In my last post, I showed that only intrinsically good acts are compatible with perfect happiness. Since perfect happiness requires that we pursue what is intrinsically good, it is natural to ask whether or not it requires moral perfection. Perfect happiness does not actually require moral perfection, but immoral acts will guarantee the lose of happiness at some point in the future.

Consider a single immoral act. In order for an act to be immoral, one of three possibilities must be true. First, a person deceives themselves about how to achieve the good they are trying to achieve. Second, a person is willfully ignorant about the good they are trying to achieve. Third and finally, a person makes a intellectual error that they should have avoided that leads to them incorrectly pursuing the good they are trying to achieve. In all of these cases, the act that they are doing is done because it aims at some intrinsic good. In this case, it is an act that is directly aimed at an intrinsic good. All of these cases also have an error in which the act that one is doing at least partially acts against the good it is intended to achieve.

This means that moral perfection is required to sustain any state of perfect happiness. While perfect happiness could be achieved without moral perfection, the moment that one did something immoral that state is guaranteed to be lost. This is because the good that we are aiming at with our act does not fully appear. Since we did not receive what we desired, we will lose complete satisfaction sometime in the future. This does not even consider such things as feelings of guilt and shame, or such things as a desire to make right we did wrong.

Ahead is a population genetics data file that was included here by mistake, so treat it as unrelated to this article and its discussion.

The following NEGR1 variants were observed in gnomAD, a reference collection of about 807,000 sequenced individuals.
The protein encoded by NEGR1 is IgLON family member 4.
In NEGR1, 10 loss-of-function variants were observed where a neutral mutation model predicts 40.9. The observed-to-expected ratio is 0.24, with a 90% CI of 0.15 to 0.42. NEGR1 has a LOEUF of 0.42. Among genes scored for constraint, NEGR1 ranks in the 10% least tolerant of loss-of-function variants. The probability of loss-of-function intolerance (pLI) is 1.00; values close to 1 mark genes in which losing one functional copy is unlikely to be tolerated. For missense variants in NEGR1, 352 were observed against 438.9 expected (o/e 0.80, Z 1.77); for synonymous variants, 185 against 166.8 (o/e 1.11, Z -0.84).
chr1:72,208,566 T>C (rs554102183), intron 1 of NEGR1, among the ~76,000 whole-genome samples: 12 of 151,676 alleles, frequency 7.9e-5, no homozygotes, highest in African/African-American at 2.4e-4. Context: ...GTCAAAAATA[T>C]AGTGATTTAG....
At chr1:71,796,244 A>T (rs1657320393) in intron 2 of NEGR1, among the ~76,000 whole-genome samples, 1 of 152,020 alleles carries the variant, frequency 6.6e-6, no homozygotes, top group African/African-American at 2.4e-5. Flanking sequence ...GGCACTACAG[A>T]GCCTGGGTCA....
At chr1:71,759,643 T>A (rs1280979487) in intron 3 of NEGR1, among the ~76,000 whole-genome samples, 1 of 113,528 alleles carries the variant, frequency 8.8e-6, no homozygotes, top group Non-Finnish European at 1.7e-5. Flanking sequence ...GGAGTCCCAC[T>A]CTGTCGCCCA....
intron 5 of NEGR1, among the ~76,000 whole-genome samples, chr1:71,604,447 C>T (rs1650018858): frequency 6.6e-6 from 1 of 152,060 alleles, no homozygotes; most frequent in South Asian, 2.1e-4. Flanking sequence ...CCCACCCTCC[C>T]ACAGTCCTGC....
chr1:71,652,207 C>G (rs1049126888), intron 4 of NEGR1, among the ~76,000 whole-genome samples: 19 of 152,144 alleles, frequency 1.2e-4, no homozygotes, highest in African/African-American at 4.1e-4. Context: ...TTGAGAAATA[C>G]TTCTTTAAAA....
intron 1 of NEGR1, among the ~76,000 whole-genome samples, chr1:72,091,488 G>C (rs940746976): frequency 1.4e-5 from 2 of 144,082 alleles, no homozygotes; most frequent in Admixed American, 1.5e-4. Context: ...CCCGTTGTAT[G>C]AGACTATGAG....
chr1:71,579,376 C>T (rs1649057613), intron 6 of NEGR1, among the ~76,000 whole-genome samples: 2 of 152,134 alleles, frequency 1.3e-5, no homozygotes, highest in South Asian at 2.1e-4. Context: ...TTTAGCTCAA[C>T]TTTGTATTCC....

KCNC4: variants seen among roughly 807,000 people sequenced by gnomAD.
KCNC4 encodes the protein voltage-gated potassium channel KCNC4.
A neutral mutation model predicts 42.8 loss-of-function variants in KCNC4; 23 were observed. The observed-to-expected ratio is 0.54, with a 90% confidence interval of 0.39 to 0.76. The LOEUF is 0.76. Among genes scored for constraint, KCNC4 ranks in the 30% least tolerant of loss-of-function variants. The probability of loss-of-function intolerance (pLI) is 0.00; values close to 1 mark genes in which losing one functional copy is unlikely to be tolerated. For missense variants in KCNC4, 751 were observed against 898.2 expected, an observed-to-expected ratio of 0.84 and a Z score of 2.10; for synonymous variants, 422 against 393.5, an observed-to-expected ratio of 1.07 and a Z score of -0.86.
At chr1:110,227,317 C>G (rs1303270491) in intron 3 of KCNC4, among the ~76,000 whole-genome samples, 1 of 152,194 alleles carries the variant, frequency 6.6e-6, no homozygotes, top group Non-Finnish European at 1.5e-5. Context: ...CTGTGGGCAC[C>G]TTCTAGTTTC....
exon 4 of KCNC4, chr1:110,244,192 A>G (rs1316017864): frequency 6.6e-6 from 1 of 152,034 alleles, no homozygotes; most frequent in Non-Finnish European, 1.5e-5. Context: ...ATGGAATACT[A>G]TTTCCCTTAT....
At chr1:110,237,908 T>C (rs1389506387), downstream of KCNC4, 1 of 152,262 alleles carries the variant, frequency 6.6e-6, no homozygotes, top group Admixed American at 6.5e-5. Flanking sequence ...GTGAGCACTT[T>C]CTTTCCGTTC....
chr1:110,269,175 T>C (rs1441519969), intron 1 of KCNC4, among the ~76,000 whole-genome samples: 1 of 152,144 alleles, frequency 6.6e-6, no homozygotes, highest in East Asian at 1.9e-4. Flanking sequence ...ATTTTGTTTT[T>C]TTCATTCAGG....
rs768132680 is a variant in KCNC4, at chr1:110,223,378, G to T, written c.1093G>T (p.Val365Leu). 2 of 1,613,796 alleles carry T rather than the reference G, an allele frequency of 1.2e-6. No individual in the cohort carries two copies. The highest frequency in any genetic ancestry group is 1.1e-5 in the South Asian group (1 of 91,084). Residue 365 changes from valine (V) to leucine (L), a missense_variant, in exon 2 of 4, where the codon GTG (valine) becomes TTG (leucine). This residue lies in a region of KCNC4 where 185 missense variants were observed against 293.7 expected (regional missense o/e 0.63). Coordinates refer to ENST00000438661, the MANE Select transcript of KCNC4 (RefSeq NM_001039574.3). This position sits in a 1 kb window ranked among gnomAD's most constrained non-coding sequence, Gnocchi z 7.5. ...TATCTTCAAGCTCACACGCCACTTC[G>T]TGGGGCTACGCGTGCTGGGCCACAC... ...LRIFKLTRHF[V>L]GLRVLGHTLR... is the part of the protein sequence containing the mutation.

So the question of whether or not perfect happiness requires moral perfection has two answers. The first answer is that it does not. The state of perfect happiness can exist without moral perfection. However, the second answer is that it does because without moral perfection the state of perfect happiness is temporary. If someone lacks moral perfection then, given sufficient time, that person will do something wrong. As a result they will be guaranteed to lose the state of perfect happiness that they enjoy.

So it is probably best to distinguish between the two states of being. The state of perfect happiness without moral perfection will be called innocent happiness. The person has done nothing wrong, but lacks moral perfection. The state of perfect happiness with moral perfection will be called mature happiness.

I started this series by aiming to discuss what is most important in our lives. I claimed that this is happiness. I have shown that there is a problem obtaining happiness and have begun discussing the nature of perfect happiness. But there are two further issues that need to be discussed before I can begin discussing how to obtain perfect happiness. The first issue is whether actual wrongdoing in the past is compatible with perfect happiness in the present. The second issue is whether or not anything beyond moral perfection is required for perfect happiness.

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